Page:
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A New Modernised, More Responsive Family Court System

The Federal Circuit Court of Australia and the Family Court of Australia merged on 1 September 2021 into the Federal Circuit and Family Court of Australia (FCFCOA). We now see a new court system for Family Law matters that is innovative and focused on the efficient resolution of matters with a continued focus on the safety of children and vulnerable parties.  This world leading change will see the FCFCOA implement a best practice family law system that is modernised through technology and is more responsive.

The new FCFCOA benefits users of the court system in the following ways:

  1. Greater focus on Family Dispute Resolution (FDR) prior to allowing access to the court system;
  2. The continued use of technology to allow court users to access the court system without the need to physically attend court;
  3. A focus on the expected compliance of court orders including efficient and expedient handling of contraventions;
  4. Harmonised rules, forms, practice directions and court website; and
  5. More efficient case management aiming to see 90% of matters filed with the court being resolved within 12 months.

Greater Focus on Family Dispute Resolution

The FCFCOA has placed greater responsibility on families to firstly take genuine steps to resolve their property and parenting matters before seeking the assistance of the Court. This has been achieved by requiring families to comply with the court issued pre-action procedures and engage in dispute resolution prior to filing any application with the court.

The purpose of dispute resolution is to initially assist parties to explore the possibility of resolution. Where resolution is not possible, dispute resolution will, at a minimum, assist parties to narrow the issues in which the Court is required to decide upon.

The pre-action procedures of course continue to allow for the genuine exception of urgency. In matters where there is a high risk or real urgency, it is likely that the court will accommodate an initial hearing on the same date as an initial triage of a matter.

Continued use of Technology

Covid-19 saw the introduction of the extensive use of technology by the family courts to conduct court appearances using video conferencing and telephone. The courts expect to continue the use of technology, not only to make it more efficient to attend court but to enable the court to use its extensive nationwide resources to resolve matters. For example, we may see a Judge in Tasmania presiding over a matter filed in Queensland.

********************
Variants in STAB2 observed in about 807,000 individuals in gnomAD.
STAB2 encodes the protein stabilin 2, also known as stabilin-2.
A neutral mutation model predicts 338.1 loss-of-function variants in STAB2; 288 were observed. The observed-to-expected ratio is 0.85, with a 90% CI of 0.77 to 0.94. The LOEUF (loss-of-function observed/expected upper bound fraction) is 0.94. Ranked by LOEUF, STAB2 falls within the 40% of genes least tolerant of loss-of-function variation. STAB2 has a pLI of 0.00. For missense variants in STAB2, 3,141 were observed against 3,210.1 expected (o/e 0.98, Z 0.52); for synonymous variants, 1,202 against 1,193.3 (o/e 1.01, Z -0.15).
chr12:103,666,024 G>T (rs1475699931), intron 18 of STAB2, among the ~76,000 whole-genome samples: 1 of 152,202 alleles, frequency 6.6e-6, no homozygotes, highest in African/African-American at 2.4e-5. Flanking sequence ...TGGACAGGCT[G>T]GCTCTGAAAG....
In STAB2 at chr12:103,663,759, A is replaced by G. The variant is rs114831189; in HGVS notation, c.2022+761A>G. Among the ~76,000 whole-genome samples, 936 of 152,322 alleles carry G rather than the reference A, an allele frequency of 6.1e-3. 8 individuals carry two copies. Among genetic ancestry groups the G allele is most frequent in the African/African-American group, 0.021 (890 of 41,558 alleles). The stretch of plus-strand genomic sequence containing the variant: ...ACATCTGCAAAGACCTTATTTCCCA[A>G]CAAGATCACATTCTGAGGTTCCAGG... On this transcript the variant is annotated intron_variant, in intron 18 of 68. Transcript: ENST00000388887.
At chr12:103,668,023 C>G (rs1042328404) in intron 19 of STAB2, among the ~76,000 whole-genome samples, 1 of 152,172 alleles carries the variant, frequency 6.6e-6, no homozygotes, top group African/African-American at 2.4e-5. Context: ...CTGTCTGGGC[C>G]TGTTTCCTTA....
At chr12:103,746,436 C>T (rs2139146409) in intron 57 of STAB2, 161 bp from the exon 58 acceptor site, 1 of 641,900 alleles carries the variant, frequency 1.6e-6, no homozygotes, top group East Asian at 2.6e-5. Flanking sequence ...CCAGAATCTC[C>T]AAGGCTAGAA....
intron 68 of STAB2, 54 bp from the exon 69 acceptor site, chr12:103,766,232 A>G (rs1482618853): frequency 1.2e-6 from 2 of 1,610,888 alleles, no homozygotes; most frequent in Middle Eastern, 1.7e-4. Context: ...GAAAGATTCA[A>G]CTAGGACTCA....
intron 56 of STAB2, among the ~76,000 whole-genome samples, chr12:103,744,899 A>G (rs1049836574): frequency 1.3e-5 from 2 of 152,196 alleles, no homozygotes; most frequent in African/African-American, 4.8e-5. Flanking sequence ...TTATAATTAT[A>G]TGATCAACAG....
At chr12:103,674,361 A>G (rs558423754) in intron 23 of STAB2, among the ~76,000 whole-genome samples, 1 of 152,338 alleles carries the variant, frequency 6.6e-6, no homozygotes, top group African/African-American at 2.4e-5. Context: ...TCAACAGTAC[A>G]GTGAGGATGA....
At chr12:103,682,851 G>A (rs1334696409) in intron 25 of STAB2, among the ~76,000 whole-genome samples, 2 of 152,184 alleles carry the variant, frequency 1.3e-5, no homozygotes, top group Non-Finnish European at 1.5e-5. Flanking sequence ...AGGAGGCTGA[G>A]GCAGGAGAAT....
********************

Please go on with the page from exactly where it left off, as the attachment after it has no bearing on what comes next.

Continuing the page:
It is however likely that as Covid-19 restrictions are reduced over time that we will see more face to face court attendances for interim hearings and trials.

Focus on Compliance

Compliance has long been an issue in family law matters and has had a significant impact on the confidence in the family law system. A significant failing of the previous system was that it took far too long to deal with contraventions.

A major benefit of the new court system is the dedication of the Court to list and triage matters particular to the non-compliance of court orders within fourteen (14) days of filing.

This focus by the Court on non-compliance will see matters resolved far more quickly than ever before. This is likely to result in less contraventions going forward and improved outcomes in circumstances where non-compliance occurs.

Harmonised Rules, forms, practice directions and court website

Having a single harmonised court system will see the efficient delivery of justice. The court has also implemented new rules specific to the volume of material that can be filed to ensure parties cases are focused and to implement time limits for interim hearings.

More efficient Case Management

The new FCFCOA sees a single point of entry to the court.

The filing of an initiating application is now likely to see a first court date in which a matter will be triaged by a Judicial Registrar of the court within six (6) to eight (8) weeks of filing.  Judicial Registrars will assess compliance with pre-action procedures and make directions for dispute resolution where required.

Matters requiring interim hearings can be promptly allocated to a Senior Judicial Registrar who have additional powers to resolve matters.

This change will free up Judges to focus on resolving more complicated issues and presiding over trials.  This will allow the court to achieve its aim of resolving 90% of matters filed with the court within twelve (12) months of filing.

We are excited by the implementation of the new court system. It is our view that the implementation of more efficient case management will see matters being resolved on a timelier basis.  This combined with the Court’s focus on no-compliance will assist users of the court system to move forward following separation and to co-parent on a more level playing field.

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